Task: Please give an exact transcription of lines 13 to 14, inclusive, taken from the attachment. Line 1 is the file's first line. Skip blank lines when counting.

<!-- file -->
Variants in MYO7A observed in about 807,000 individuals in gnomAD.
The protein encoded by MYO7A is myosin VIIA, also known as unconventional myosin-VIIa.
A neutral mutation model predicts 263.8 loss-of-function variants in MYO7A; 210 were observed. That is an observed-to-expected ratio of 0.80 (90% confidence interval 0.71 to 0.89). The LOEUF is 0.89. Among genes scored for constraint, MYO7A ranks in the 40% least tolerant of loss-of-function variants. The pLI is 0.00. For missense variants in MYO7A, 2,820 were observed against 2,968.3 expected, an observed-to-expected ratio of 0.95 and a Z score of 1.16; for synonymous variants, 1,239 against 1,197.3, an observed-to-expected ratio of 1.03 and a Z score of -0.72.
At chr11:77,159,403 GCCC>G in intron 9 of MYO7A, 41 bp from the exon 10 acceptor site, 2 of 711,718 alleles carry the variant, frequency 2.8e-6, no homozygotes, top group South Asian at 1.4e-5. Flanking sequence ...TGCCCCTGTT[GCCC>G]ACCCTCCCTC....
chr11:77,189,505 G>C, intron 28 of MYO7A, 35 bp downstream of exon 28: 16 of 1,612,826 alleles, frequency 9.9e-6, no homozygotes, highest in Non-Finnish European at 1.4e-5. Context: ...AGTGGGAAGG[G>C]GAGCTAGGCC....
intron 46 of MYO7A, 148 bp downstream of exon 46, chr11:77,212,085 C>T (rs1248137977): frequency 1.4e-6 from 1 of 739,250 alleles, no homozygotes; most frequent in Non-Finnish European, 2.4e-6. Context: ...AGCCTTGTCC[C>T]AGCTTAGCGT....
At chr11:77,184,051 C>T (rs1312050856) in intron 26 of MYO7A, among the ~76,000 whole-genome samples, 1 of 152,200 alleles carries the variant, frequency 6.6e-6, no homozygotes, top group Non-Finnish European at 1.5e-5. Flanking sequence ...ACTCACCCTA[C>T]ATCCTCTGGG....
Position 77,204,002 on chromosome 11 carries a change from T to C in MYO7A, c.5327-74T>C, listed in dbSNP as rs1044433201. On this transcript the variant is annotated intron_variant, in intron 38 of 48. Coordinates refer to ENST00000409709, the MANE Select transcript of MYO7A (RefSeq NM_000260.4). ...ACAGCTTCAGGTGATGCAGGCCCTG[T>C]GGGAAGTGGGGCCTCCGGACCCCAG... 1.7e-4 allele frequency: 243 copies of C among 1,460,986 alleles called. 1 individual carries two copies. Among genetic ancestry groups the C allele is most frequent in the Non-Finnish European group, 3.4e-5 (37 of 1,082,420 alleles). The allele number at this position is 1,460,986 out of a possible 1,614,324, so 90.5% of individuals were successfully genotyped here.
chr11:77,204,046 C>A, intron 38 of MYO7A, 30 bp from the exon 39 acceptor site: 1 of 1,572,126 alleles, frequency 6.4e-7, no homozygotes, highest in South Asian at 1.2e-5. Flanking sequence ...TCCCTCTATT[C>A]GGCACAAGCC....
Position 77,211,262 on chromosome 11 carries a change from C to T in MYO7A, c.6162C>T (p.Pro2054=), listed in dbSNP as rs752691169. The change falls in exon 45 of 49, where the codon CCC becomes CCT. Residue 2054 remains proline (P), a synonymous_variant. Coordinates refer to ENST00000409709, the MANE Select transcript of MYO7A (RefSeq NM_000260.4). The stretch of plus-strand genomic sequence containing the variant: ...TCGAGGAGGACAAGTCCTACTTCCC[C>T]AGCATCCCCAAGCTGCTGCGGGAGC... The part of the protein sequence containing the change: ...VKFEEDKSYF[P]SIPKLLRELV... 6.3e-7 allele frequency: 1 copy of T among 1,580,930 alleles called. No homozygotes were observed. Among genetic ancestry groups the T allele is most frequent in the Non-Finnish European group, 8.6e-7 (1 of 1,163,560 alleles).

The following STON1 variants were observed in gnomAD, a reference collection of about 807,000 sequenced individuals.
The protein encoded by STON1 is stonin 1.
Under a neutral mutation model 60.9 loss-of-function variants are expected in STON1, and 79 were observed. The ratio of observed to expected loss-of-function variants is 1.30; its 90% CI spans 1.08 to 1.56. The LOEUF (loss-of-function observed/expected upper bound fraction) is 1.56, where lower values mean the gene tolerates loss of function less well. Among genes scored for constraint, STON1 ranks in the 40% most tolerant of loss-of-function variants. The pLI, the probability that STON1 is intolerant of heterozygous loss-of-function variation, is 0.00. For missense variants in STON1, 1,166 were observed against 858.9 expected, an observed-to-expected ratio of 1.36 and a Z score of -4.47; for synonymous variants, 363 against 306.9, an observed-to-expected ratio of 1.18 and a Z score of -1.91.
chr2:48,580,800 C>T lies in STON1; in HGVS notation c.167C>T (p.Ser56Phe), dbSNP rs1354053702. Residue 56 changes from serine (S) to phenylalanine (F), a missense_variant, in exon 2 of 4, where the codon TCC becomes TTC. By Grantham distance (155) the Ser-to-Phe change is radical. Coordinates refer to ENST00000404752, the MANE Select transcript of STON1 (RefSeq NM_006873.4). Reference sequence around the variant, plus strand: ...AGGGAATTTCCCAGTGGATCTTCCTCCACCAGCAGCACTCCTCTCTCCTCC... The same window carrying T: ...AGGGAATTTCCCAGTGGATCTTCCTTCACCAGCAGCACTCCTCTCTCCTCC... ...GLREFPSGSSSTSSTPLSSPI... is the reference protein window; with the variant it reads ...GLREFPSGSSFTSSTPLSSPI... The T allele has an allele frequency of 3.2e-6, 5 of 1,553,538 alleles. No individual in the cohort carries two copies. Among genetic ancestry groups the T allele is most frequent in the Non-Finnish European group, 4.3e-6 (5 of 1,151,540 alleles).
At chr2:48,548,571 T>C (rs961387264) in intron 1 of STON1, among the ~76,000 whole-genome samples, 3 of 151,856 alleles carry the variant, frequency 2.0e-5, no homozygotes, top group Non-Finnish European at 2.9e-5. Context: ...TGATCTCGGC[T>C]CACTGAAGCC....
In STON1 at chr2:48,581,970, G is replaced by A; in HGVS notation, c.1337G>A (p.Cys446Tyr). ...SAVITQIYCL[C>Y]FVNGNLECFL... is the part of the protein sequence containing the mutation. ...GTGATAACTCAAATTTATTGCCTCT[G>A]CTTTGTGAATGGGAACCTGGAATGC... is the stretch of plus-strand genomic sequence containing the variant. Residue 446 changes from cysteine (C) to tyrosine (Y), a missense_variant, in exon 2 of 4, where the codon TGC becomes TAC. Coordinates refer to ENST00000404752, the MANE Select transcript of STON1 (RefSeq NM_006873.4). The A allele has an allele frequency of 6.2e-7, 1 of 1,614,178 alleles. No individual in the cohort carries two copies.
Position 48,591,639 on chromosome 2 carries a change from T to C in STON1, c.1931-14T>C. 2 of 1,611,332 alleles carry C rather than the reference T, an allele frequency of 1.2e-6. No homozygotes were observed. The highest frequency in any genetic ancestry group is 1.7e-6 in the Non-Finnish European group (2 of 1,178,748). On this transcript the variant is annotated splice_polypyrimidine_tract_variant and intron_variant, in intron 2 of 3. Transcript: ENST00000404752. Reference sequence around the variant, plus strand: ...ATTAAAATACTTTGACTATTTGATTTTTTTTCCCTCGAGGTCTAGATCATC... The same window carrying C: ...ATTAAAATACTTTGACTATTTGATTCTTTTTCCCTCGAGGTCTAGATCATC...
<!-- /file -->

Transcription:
Under a neutral mutation model 60.9 loss-of-function variants are expected in STON1, and 79 were observed. The ratio of observed to expected loss-of-function variants is 1.30; its 90% CI spans 1.08 to 1.56. The LOEUF (loss-of-function observed/expected upper bound fraction) is 1.56, where lower values mean the gene tolerates loss of function less well. Among genes scored for constraint, STON1 ranks in the 40% most tolerant of loss-of-function variants. The pLI, the probability that STON1 is intolerant of heterozygous loss-of-function variation, is 0.00. For missense variants in STON1, 1,166 were observed against 858.9 expected, an observed-to-expected ratio of 1.36 and a Z score of -4.47; for synonymous variants, 363 against 306.9, an observed-to-expected ratio of 1.18 and a Z score of -1.91.
chr2:48,580,800 C>T lies in STON1; in HGVS notation c.167C>T (p.Ser56Phe), dbSNP rs1354053702. Residue 56 changes from serine (S) to phenylalanine (F), a missense_variant, in exon 2 of 4, where the codon TCC becomes TTC. By Grantham distance (155) the Ser-to-Phe change is radical. Coordinates refer to ENST00000404752, the MANE Select transcript of STON1 (RefSeq NM_006873.4). Reference sequence around the variant, plus strand: ...AGGGAATTTCCCAGTGGATCTTCCTCCACCAGCAGCACTCCTCTCTCCTCC... The same window carrying T: ...AGGGAATTTCCCAGTGGATCTTCCTTCACCAGCAGCACTCCTCTCTCCTCC... ...GLREFPSGSSSTSSTPLSSPI... is the reference protein window; with the variant it reads ...GLREFPSGSSFTSSTPLSSPI... The T allele has an allele frequency of 3.2e-6, 5 of 1,553,538 alleles. No individual in the cohort carries two copies. Among genetic ancestry groups the T allele is most frequent in the Non-Finnish European group, 4.3e-6 (5 of 1,151,540 alleles).